If you like this share it with anyone whom it may be a blessing or a challenge.
In the Service of an Awesome God!
1Tan, P. L. (1996). Encyclopedia of 7700 Illustrations: Signs of the Times(p. 815). Garland, TX: Bible Communications, Inc.
2Dobson, J & Watson, B, “Called Together: A Guide to Forming Missional Community,” p 49
3GOD’S WORD Translation. (1995). (Mt 28:19–20). Grand Rapids: Baker Publishing Group.
Let’s start this discussion by clarifying what constitutes Generation Z and how they differ from Millennials: Generation Z are people born in the late ’90s and early 2000s. While Millennials were born in the 1980s and 1990s.
How they are Viewed by Employers.
“What these generational representatives will probably tell you is that kids these days are nothing like their immediate elders. Where Millennials were searching for meaningful toil, Gen Z are money-minded. The former like working together; the latter believe it’s every entry-level drone for themselves. Raised on participation trophies and gold stars, Millennials would rather focus on what they’re good at; having seen how cutthroat the economy can be during the most recent downturn, Gen Z are more open to working on their faults. (Those bon mots come courtesy of the SmartTribes Institute, a leadership consultancy.)”
What is Generation Z’s view of religion?
Generation Zers in America have been homeschooled more than the last several generations, and most are close to their parents.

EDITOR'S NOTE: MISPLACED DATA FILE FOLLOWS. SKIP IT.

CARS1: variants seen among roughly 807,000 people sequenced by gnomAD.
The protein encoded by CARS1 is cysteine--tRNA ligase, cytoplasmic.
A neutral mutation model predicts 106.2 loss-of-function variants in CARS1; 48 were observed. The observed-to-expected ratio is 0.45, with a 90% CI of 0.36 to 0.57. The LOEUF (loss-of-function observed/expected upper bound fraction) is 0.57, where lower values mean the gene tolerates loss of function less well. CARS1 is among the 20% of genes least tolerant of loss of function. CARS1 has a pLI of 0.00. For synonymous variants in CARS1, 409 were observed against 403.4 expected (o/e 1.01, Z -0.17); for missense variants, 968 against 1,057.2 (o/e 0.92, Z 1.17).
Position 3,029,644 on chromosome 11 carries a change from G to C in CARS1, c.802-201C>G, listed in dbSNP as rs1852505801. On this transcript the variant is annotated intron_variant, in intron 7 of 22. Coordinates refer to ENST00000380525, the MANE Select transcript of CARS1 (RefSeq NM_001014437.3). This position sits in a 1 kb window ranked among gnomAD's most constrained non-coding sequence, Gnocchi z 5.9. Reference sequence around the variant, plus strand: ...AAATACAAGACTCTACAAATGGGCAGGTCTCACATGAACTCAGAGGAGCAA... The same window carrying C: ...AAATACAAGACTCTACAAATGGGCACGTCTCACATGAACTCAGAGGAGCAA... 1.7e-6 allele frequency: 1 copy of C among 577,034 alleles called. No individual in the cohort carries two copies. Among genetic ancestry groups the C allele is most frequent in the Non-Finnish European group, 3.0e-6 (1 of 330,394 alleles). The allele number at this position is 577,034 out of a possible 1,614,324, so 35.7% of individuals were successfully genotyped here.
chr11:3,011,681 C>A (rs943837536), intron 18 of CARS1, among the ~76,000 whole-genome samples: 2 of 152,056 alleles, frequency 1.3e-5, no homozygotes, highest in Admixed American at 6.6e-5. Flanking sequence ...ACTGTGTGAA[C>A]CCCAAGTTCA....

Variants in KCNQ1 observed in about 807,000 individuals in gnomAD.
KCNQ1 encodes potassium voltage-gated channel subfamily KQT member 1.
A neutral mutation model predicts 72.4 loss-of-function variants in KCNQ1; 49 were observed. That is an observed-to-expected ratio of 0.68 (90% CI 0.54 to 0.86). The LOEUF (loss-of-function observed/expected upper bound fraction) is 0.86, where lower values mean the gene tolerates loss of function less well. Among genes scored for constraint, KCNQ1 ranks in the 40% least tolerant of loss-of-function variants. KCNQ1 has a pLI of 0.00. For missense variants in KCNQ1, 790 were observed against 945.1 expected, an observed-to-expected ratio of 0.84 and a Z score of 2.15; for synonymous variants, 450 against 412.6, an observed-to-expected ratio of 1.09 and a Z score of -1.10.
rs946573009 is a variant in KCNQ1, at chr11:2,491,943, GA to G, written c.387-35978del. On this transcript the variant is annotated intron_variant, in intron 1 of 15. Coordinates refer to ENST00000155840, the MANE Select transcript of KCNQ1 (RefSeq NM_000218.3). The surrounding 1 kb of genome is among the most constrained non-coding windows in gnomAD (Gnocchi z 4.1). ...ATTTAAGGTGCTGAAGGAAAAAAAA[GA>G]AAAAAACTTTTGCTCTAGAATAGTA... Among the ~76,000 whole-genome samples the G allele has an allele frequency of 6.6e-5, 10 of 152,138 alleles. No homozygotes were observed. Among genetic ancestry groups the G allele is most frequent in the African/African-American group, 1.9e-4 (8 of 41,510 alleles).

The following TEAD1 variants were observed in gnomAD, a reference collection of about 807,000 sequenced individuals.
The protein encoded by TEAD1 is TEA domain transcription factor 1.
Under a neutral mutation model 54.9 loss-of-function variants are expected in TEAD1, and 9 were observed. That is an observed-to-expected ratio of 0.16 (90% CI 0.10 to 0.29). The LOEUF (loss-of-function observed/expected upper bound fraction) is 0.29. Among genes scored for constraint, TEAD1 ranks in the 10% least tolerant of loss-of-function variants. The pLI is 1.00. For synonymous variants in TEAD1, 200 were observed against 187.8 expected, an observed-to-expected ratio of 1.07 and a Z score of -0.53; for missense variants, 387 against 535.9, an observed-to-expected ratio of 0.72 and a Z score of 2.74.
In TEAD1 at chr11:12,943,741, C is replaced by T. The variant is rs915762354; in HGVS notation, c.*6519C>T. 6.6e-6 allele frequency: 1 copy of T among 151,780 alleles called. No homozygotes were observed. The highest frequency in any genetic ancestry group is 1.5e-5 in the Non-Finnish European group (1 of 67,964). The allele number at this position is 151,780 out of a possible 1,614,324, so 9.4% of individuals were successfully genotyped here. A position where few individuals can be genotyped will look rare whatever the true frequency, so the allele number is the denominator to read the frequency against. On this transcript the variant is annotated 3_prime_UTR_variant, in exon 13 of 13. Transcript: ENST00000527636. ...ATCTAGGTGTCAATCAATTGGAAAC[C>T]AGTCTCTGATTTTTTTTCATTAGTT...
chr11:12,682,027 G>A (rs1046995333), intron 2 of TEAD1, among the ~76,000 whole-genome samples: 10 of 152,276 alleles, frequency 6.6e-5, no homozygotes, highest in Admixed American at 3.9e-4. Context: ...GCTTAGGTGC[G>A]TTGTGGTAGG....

But All is not Rosy.
This generation has grown up with a new cultural sense of ordinary. One study by Joan Hope pointed out that there is a significant spike in church attendance by Gen Z. It is too early in their development to see if this trend holds accurate long term. Studies also show that this will be the most significant non-white generation in history in America. With Hispanics as the fastest-growing group among Gen Z. It is all about fertility rates. Hispanic mothers have an average of 2.4 children, compared to black mothers (2.1), and Asian and white mothers (1.8) Tom Rainer points out. And due to this large number of non-white population growth more, Gen Z will be interracially married. Estimates that at least one of ten of this generation will marry across ethnic and racial lines.
The Social Challenges of this Generation.
Tom Rainer also points out that, “homosexual marriage will be embraced as normative. But we cannot tell yet what percentage of Gen Z will be in a homosexual marriage. Two historic events have shaped Gen Z. Most of them were not born when 9/11 took place, but their parents and others have made the event a part of their lives and insecurities. The second event, the Great Recession, is still a reality through the recession is officially over. Gen Z parents, and thus, their children still feel the impact of a weak jobs economy.”
This information paints a much more hopeful picture for the church, but it is not without its challenges. Generation Z is a highly tech-savvy generation growing up with the internet and Smartphones as a part of their very existence. But unlike Millennials they do tend to crave more personal contact. More to come on this, I just wanted to whet your appetite.
Other posts on Generation Z:
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"For God can speak in one way, or in another, Yet man does not perceive it. In a dream, in a vision of the night when deep sleep falls upon men, while slumbering on their beds."
Life in Jesus Ministries, Fear of God and not Religion.